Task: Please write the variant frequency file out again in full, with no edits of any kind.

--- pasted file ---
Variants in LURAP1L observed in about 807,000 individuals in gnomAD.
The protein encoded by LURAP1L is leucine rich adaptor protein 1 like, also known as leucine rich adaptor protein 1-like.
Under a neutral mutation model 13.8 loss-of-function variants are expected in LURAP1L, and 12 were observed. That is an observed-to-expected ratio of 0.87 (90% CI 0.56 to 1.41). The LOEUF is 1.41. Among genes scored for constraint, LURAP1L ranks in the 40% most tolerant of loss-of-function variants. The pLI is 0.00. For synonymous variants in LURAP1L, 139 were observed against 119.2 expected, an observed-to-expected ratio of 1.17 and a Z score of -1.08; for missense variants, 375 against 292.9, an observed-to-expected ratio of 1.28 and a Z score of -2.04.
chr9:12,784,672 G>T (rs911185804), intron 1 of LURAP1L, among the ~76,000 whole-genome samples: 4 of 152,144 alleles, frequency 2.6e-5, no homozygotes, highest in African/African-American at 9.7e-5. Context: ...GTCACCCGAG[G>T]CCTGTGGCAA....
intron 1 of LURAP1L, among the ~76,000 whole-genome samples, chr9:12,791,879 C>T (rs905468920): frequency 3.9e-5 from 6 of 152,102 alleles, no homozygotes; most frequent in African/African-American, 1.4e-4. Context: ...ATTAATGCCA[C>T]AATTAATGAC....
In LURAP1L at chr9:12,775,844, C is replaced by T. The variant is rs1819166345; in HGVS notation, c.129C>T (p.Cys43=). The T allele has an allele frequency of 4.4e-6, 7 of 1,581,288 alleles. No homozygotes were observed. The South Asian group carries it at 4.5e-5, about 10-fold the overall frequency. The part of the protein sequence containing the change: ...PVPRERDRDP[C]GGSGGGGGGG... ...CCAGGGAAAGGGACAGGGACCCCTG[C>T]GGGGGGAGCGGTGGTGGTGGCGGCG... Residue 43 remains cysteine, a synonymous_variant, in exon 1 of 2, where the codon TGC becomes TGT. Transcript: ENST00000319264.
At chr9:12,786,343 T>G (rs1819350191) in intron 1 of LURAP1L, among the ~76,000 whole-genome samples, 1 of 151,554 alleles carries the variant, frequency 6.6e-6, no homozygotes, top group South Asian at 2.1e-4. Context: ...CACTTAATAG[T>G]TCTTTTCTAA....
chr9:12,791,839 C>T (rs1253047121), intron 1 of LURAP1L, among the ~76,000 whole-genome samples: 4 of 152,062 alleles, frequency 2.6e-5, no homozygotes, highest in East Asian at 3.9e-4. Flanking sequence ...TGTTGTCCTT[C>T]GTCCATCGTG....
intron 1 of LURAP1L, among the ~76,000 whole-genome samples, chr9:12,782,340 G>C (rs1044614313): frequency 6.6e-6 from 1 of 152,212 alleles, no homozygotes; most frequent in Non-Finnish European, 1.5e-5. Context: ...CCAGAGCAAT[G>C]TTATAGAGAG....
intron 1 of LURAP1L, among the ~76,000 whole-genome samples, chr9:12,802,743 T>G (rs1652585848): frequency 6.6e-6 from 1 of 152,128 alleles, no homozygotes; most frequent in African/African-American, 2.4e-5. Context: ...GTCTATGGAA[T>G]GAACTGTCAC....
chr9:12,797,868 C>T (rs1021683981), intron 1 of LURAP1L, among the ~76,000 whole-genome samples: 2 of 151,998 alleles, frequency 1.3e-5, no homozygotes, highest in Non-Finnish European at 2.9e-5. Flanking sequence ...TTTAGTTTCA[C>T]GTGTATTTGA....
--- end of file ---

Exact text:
Variants in LURAP1L observed in about 807,000 individuals in gnomAD.
The protein encoded by LURAP1L is leucine rich adaptor protein 1 like, also known as leucine rich adaptor protein 1-like.
Under a neutral mutation model 13.8 loss-of-function variants are expected in LURAP1L, and 12 were observed. That is an observed-to-expected ratio of 0.87 (90% CI 0.56 to 1.41). The LOEUF is 1.41. Among genes scored for constraint, LURAP1L ranks in the 40% most tolerant of loss-of-function variants. The pLI is 0.00. For synonymous variants in LURAP1L, 139 were observed against 119.2 expected, an observed-to-expected ratio of 1.17 and a Z score of -1.08; for missense variants, 375 against 292.9, an observed-to-expected ratio of 1.28 and a Z score of -2.04.
chr9:12,784,672 G>T (rs911185804), intron 1 of LURAP1L, among the ~76,000 whole-genome samples: 4 of 152,144 alleles, frequency 2.6e-5, no homozygotes, highest in African/African-American at 9.7e-5. Context: ...GTCACCCGAG[G>T]CCTGTGGCAA....
intron 1 of LURAP1L, among the ~76,000 whole-genome samples, chr9:12,791,879 C>T (rs905468920): frequency 3.9e-5 from 6 of 152,102 alleles, no homozygotes; most frequent in African/African-American, 1.4e-4. Context: ...ATTAATGCCA[C>T]AATTAATGAC....
In LURAP1L at chr9:12,775,844, C is replaced by T. The variant is rs1819166345; in HGVS notation, c.129C>T (p.Cys43=). The T allele has an allele frequency of 4.4e-6, 7 of 1,581,288 alleles. No homozygotes were observed. The South Asian group carries it at 4.5e-5, about 10-fold the overall frequency. The part of the protein sequence containing the change: ...PVPRERDRDP[C]GGSGGGGGGG... ...CCAGGGAAAGGGACAGGGACCCCTG[C>T]GGGGGGAGCGGTGGTGGTGGCGGCG... Residue 43 remains cysteine, a synonymous_variant, in exon 1 of 2, where the codon TGC becomes TGT. Transcript: ENST00000319264.
At chr9:12,786,343 T>G (rs1819350191) in intron 1 of LURAP1L, among the ~76,000 whole-genome samples, 1 of 151,554 alleles carries the variant, frequency 6.6e-6, no homozygotes, top group South Asian at 2.1e-4. Context: ...CACTTAATAG[T>G]TCTTTTCTAA....
chr9:12,791,839 C>T (rs1253047121), intron 1 of LURAP1L, among the ~76,000 whole-genome samples: 4 of 152,062 alleles, frequency 2.6e-5, no homozygotes, highest in East Asian at 3.9e-4. Flanking sequence ...TGTTGTCCTT[C>T]GTCCATCGTG....
intron 1 of LURAP1L, among the ~76,000 whole-genome samples, chr9:12,782,340 G>C (rs1044614313): frequency 6.6e-6 from 1 of 152,212 alleles, no homozygotes; most frequent in Non-Finnish European, 1.5e-5. Context: ...CCAGAGCAAT[G>C]TTATAGAGAG....
intron 1 of LURAP1L, among the ~76,000 whole-genome samples, chr9:12,802,743 T>G (rs1652585848): frequency 6.6e-6 from 1 of 152,128 alleles, no homozygotes; most frequent in African/African-American, 2.4e-5. Context: ...GTCTATGGAA[T>G]GAACTGTCAC....
chr9:12,797,868 C>T (rs1021683981), intron 1 of LURAP1L, among the ~76,000 whole-genome samples: 2 of 151,998 alleles, frequency 1.3e-5, no homozygotes, highest in Non-Finnish European at 2.9e-5. Flanking sequence ...TTTAGTTTCA[C>T]GTGTATTTGA....